In February 2021, a taxidermist living in Eaton County, Michigan, became infected with COVID-19. A sample from his positive test result was sent to the state lab to be genetically sequenced — and came back as connected to a mutation of the virus found in infected mink, whose fur is used for coats and clothing.
In early February, the linked COVID-19 case involving the Eaton taxidermist was confirmed through genetic testing.
MDHHS confirmed the CDC’s account of the mutations, identifying them as F486L and N501T. Those two mutations have been identified by researchers as the dominant mink COVID-19 strains in the United States, according to a preprint study published last month by two Canadian researchers, and may have evolved in humans before being transmitted to minks,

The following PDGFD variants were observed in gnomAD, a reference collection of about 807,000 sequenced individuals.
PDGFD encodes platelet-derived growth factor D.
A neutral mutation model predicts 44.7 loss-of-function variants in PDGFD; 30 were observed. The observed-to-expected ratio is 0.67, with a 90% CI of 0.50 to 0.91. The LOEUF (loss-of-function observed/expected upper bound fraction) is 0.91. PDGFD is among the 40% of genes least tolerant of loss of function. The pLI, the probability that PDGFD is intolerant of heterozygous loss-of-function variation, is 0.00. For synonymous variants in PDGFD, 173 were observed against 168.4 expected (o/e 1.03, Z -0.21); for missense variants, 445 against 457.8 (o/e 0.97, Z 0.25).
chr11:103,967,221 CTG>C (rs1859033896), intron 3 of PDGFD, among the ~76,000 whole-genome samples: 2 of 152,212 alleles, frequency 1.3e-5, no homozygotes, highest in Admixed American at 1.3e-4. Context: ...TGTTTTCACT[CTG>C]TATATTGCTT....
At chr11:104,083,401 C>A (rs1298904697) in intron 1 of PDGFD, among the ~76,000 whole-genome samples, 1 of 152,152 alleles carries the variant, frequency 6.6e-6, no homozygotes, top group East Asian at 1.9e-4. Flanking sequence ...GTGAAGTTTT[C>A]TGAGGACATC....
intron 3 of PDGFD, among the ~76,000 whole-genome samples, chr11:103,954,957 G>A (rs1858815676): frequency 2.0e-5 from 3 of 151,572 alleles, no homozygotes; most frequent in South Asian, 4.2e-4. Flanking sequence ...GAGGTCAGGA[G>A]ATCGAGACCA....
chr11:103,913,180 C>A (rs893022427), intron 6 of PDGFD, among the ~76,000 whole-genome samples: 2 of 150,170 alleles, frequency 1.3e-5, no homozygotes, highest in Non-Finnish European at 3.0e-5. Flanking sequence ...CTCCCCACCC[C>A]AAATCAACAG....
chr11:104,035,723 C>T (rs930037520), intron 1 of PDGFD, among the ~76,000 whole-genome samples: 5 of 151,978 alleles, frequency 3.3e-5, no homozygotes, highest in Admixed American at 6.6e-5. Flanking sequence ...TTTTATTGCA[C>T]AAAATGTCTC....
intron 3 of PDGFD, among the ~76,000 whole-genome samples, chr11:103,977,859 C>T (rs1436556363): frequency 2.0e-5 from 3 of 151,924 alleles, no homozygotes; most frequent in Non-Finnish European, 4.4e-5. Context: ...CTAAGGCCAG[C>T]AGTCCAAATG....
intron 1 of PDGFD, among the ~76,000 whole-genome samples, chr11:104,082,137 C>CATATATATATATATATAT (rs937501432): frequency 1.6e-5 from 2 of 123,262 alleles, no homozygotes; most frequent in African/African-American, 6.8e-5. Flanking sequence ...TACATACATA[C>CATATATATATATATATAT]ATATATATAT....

Michigan State health officials say 246 fully vaccinated Michiganders contracted coronavirus from January to March, and three have died. “These are individuals who have had a positive test 14 or more days after the last dose in the vaccine series,” said Lynn Sutfin, a spokesperson for the state health department.
Some of the 246 people may ultimately be excluded from the state’s tally of vaccine breakthrough cases because they may have had earlier coronavirus infections and still tested positive two weeks post-immunization.